|Benares (photo courtesy Wikipedia)|
I reached Benares on an overcast Sunday afternoon. The guesthouse had sent a car to pick me up from the airport. As I stepped out of the airport a fat drop of rain greeted me. The driver and I hurried to the parked car, eager to be off. I was excited and nervous, this was my first solo trip. We reached the car, which was parked perpendicularly to the curb. And discovered another car parked perpendicularly to our car, blocking its way. It wasn’t the only one, there were three cars in all, parked serially, and very effectively blocking our car’s exit. Whoever does such things?!!! But then, this is Benares. So anything is possible. That thought gave me the license to tell my driver to back out over the curb and make off. He readily revved his engine, the tyres spun against the curb and the car shot out backward over the foot-path, reminding me of Hollywood car chases. Along with the rain, I smelt a touch of madness in the air.
I had six days, a plan to volunteer at the Missionaries of Charity and simply not enough time to explore this magical city. I checked into my guesthouse at the busy Girja Mor and headed out for a reconnaissance of my route along the ghats to the Missionaries of Charity. On my way back I decided to stop at the Dashashwamedh Ghat. Dashashwamedh is like the Mahatma Gandhi Road of the ghats. The weekend crowd was swelling. So I walked to the next ghat, Rajendra Prasad Ghat. It was also very crowded and looked exactly like the India that used to be depicted in movies and other media half a century ago. Snake charmers, children flying kites, large families with women in red, orange and pink saris trailing small kids, turbaned sadhus, dogs, cows and more cows everywhere. Shifting sights, colours, sounds and smells. It felt like being inside a live kaleidoscope.
It was too large a dose of Benares for my first day! As I picked my way through cow dung and cow pee, I noticed a sadhu meditating. White hair, lean body smeared in grey ashes, naked except for a small loincloth, a string of rudraaksh around his neck. As he sat frozen in meditation, an island of peace in the midst of the chaos, a few men chatted on the steps above him, a cow seemed to look for something, two Europeans, an elderly man and a young woman, sat beside him in rapt attention. I pulled out my cell phone and took a photograph.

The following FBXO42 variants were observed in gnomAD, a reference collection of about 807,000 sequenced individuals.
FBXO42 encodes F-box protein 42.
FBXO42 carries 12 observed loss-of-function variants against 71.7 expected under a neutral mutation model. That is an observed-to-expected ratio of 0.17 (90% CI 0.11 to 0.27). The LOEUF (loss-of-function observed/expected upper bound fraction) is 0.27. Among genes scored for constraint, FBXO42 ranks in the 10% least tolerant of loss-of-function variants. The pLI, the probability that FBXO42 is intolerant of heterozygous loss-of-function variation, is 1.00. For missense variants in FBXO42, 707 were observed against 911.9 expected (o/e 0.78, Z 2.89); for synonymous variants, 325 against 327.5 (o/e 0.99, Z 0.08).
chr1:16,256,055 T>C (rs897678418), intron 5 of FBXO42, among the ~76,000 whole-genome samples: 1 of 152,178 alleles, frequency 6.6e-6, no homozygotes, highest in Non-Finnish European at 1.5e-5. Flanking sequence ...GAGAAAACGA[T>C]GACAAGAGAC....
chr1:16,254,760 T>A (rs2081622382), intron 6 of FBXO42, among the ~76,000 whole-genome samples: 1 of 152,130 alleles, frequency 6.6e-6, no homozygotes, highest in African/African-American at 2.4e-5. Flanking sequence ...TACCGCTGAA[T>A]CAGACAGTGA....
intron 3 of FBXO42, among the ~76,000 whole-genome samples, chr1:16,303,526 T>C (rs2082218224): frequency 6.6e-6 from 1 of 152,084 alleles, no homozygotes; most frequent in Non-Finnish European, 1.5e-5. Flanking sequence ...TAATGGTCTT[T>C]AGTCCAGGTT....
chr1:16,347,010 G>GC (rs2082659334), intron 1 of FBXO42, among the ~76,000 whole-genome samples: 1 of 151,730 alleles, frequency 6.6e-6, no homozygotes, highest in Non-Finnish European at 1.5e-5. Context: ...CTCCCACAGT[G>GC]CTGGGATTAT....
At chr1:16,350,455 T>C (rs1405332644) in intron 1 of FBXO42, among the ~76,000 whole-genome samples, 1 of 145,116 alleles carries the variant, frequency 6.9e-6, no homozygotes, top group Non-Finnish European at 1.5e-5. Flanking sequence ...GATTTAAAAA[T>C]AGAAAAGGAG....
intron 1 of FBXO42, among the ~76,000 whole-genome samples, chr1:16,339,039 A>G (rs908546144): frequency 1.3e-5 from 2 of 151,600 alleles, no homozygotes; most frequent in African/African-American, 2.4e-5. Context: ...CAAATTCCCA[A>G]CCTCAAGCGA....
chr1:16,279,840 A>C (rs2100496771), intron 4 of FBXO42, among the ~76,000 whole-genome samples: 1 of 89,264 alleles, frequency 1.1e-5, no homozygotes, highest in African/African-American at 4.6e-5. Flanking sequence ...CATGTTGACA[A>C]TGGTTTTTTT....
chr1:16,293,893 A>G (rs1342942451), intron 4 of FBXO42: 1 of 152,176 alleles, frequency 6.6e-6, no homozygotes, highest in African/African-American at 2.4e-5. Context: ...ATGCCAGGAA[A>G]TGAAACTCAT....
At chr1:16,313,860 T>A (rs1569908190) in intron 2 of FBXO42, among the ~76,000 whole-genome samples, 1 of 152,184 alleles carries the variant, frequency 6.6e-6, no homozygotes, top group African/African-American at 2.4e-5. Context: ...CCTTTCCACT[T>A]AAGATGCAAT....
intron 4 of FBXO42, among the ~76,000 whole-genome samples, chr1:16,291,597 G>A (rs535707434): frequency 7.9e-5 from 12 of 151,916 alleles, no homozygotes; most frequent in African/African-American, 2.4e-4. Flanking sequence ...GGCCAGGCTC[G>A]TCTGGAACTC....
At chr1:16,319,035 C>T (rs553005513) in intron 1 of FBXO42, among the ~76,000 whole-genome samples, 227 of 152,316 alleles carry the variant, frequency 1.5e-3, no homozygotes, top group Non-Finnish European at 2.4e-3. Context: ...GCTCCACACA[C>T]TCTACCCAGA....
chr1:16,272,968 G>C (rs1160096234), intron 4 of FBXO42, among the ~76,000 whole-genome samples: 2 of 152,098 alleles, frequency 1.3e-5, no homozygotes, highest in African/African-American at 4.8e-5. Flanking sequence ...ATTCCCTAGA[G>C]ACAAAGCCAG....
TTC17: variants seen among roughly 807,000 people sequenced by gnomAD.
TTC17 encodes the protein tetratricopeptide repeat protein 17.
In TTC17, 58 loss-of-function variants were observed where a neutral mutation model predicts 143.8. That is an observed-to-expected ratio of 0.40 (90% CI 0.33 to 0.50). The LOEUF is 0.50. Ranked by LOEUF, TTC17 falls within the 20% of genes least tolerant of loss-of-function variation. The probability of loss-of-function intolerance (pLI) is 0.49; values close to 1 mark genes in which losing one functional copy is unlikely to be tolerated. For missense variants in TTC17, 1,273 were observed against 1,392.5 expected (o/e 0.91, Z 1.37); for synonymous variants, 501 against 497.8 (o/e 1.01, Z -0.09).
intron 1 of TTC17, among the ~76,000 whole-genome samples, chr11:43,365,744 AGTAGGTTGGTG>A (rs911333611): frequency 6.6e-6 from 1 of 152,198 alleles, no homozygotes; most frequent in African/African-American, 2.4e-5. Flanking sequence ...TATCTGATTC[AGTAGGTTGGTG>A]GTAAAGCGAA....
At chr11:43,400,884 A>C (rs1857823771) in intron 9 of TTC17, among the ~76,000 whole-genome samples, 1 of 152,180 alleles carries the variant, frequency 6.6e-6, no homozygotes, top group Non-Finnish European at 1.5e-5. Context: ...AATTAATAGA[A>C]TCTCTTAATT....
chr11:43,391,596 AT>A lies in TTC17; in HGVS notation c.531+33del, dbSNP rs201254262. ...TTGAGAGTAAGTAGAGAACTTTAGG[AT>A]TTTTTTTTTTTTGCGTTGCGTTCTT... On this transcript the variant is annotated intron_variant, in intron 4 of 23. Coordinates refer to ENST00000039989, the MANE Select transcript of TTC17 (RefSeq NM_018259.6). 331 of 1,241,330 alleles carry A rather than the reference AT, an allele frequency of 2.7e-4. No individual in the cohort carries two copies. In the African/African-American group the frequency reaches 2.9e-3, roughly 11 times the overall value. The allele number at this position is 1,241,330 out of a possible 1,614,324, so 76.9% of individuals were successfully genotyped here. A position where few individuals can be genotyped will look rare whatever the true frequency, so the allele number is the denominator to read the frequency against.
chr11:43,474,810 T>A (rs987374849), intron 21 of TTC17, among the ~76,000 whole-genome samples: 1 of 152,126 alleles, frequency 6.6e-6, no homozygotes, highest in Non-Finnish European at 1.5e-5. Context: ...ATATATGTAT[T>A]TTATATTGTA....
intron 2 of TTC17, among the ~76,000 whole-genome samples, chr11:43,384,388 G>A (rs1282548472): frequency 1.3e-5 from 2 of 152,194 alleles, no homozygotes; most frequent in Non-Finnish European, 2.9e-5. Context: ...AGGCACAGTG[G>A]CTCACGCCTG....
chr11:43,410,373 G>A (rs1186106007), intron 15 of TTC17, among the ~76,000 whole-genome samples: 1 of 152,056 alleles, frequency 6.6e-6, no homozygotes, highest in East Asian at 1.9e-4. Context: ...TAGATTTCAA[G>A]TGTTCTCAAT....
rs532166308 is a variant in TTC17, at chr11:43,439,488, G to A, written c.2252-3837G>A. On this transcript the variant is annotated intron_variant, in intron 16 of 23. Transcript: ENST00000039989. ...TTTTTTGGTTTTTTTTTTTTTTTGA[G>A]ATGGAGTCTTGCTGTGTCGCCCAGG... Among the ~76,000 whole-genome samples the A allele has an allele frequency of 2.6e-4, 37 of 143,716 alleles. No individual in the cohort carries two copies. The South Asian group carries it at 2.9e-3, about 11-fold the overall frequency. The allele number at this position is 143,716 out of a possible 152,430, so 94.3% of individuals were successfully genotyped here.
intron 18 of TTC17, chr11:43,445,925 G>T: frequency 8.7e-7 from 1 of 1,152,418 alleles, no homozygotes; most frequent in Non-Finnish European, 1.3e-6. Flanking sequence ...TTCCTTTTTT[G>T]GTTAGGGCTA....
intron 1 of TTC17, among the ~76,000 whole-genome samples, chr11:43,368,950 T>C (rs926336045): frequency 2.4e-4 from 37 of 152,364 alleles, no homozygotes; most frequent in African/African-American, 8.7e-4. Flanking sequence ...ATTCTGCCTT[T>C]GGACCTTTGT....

The next morning at the Missionaries of charity I met three other volunteers. Franz, a tall, stately old French lady, her cheeks a criss-cross of fine lines and her wrists twinkling with silver bangles and bracelets. Kahn, a gentle slightly built young man, with floppy brown hair, a stubble and a shy smile. He said he was from the UK and spoke in an accent that I couldn’t place. And Yves a sixty-year-old Frenchman, of even slighter built, close-cropped snow-white hair and beard. He spoke softly and with a French accent that I needed to watch like a hawk. We chatted over small cups of sweet thick tea that the staff made for us and glucose biscuits.
I asked Yves if he had been to India before and he nodded, “Yes, about 20 times.” He then told us about his first visit. It was the year 1972, he was 17 and he hitch-hiked from Paris to Benares. Through Europe, Turkey, Iran, Afghanistan and Pakistan. I thought for a moment that a French passport must indeed be a magical thing if it gave its bearer some protection through a route that is fraught with peril today. Perhaps this stretch of the world was a safer place then, but even then, I wondered what it would take a seventeen year-old to go on a journey this through unknown lands, where he didn’t speak the language and long before the safety of today’s connected world of cell-phones and social media. I could’ve asked Yves so many questions, but it was time to get back to our posts. Yves and Kahn went back to tend to the elderly men they helped, sometimes helping them exercise, sometimes helping one of them shave, often running errands like taking up the laundry to the terrace or sweeping the unseasonal rain off the courtyard. Franz went back to chopping vegetables in the kitchen. And I went back to the women of all ages, many of them with the mental age of small children.
A day later I figured that Yves walked back the same way along the ghats to his Guesthouse in the Manikarnika Ghat, beyond mine. So we walked together in the afternoon sun, a sleepy time along the ghats. There were a few people in the shade, flocks of pigeons, crows and the sun sparkling on the dark waters of the river. Yves asked me how I was spending my time in Benares. I told him that I had had just a couple of afternoons, of which I had spent one watching people at the Dashashwamedh and Rajendra Prasad ghats. It suddenly occurred to me that Yves was strangely familiar. I had seen him somewhere. For a moment I was puzzled, and then the penny dropped! I pulled out my phone and showed him the photograph I had taken of the sadhu meditating on the steps of the ghats, and sure enough, it was Yves sitting next to him in my photograph! Lakhs of people thronged the ghats that Sunday, there are over fifty ghats in Benares, I photographed all of two frames and one had this person that I was to meet the next day. What were the odds?
Yves nodded and smiled. “This is how things happen in Benares. I never carry a phone” he said “When I need to meet someone, I run into them.”
Bangalore / 14 September 2016